How COVID-19 changed the world’s top tourist destinations: 10 key insights

The COVID-19 pandemic triggered unprecedented shutdowns globally. The tourism industry was the worst-hit sector during this period. Although the industry is slowly recovering, it is yet to fully be back on its feet.

According to an impact assessment report by the United Nations World Tourism Organization (UNWTO), international tourism saw stronger-than-expected growth in 2022 backed by pent-up demand and relaxation of travel restrictions in several countries.

Here are ten key insights from the UNWTO report:

1. International tourism recovered 63 percent of its pre-pandemic levels.

2. 900 million plus tourists travelled internationally in 2022. This is double the number compared to 2021. However, this number is still 37 percent lower compared to the pre-pandemic levels of 2019.

3. Europe recorded 585 million arrivals in 2022, reaching nearly 80 percent of its pre-pandemic levels. However, the world’s largest destination region still saw 21 percent fewer tourists compared to 2019.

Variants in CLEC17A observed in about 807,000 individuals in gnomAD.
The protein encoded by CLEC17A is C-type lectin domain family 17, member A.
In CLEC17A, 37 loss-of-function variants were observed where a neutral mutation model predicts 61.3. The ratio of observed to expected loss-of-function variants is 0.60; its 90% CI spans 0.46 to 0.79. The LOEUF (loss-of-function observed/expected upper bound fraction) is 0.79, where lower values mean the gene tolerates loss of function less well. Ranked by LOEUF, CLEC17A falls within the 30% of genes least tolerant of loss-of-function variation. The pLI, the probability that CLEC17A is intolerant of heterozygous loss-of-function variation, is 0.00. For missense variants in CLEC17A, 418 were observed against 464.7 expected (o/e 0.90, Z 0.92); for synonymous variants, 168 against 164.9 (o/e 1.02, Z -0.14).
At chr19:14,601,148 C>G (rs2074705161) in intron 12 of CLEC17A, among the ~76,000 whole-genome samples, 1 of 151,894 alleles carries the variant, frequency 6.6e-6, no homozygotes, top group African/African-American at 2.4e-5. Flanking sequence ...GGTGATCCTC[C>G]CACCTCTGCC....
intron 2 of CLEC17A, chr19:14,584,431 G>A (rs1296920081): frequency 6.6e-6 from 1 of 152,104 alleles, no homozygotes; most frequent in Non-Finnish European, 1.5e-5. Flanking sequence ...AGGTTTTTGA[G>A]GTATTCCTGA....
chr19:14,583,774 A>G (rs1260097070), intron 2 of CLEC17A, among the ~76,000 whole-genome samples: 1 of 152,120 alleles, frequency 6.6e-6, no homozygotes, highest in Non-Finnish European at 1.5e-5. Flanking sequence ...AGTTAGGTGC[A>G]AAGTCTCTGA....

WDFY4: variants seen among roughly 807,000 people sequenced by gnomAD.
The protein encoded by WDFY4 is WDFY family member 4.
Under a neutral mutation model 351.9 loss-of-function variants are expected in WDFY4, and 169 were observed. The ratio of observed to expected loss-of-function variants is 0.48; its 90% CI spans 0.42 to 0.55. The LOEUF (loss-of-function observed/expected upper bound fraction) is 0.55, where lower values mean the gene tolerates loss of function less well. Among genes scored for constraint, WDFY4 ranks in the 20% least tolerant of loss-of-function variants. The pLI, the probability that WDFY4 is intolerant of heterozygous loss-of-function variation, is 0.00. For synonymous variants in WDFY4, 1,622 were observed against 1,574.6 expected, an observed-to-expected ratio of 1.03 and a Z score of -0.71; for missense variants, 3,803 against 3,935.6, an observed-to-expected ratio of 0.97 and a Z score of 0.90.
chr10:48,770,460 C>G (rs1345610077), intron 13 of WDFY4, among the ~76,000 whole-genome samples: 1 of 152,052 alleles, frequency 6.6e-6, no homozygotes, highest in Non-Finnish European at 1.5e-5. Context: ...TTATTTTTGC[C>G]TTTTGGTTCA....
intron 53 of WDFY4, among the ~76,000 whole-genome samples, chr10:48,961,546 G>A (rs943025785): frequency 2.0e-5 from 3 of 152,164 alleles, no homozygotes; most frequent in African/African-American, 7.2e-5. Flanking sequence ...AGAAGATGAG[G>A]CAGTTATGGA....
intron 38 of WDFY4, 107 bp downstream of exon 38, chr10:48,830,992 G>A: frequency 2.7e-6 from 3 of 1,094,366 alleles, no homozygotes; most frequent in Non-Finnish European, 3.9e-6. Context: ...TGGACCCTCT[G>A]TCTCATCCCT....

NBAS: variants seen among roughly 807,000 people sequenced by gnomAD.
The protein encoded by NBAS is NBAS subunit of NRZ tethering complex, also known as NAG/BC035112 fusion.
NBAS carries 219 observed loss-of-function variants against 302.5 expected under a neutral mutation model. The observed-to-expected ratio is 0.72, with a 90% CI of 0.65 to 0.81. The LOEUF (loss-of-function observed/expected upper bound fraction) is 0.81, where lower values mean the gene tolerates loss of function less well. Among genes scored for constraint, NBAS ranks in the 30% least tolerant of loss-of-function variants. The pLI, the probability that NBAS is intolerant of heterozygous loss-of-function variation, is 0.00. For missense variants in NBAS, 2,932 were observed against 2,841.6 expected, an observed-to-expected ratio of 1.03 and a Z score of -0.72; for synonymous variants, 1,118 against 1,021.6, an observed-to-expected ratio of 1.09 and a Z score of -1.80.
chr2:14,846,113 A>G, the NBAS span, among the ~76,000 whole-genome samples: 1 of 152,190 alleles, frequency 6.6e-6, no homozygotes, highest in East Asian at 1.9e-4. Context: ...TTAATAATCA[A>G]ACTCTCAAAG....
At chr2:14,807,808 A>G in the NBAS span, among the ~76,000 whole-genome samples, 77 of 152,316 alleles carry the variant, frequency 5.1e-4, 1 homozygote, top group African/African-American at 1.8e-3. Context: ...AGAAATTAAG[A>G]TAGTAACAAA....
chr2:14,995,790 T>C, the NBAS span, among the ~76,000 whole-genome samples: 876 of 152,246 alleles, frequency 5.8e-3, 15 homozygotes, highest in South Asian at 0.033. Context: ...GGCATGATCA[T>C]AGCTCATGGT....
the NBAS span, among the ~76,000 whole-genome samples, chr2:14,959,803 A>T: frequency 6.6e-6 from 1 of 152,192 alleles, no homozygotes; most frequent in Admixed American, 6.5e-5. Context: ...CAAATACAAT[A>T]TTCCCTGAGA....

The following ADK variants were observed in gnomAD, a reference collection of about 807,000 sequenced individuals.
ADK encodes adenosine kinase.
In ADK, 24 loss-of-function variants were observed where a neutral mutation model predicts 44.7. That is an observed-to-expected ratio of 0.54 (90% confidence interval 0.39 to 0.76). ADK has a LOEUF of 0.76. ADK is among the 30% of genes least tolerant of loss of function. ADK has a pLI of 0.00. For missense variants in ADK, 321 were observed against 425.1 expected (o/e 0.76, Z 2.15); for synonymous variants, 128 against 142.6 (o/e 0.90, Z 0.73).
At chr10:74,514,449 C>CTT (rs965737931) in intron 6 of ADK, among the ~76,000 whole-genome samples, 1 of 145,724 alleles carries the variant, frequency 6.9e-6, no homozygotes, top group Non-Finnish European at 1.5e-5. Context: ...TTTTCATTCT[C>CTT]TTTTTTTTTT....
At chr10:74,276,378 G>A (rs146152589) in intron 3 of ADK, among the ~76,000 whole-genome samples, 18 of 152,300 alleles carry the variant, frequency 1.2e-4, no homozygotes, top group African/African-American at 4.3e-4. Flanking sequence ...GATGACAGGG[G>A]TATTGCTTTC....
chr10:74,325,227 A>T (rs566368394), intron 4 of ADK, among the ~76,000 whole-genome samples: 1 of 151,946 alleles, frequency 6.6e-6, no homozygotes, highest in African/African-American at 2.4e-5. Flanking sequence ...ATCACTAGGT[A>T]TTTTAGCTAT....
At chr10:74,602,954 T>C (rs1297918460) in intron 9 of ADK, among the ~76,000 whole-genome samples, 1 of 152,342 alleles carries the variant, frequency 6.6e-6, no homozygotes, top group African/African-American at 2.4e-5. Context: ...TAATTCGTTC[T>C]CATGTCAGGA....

4. The Middle East turned out to be an outperformer across regions in 2022 with 83 percent arrivals compared to pre-pandemic levels.

5. Both Africa and the Americas recovered about 65 percent of its pre-pandemic levels. However, stronger pandemic-related restrictions kept the recovery in Asia and the Pacific to just 23 percent.

6. The report expects the recovery in international tourism to continue in 2023 with Asia and the Pacific, in particular, benefitting from pent-up demand and opening up of markets.

7. But, 65 percent of experts believe international tourism will not return to pre-pandemic levels until 2024 or later.

8. Closer-to-home travel is likely to pick up pace, according to the report, as challenging economic conditions force tourists to seek more bang for their buck.

9. International tourist arrivals could reach 80 percent to 95 percent of pre-pandemic levels in 2023, according to UNWTO’s scenarios for 2023.

10. However, there remain multiple challenges. Oil prices are nearing $100/bbl, thereby creating inflationary challenges. This and fears of a global recession are the biggest risks to the recovery of tourism. Additionally, continued uncertainty due to the Russia-Ukraine war and other geopolitical tensions, coupled with a shortage of workers, are further downside risks.

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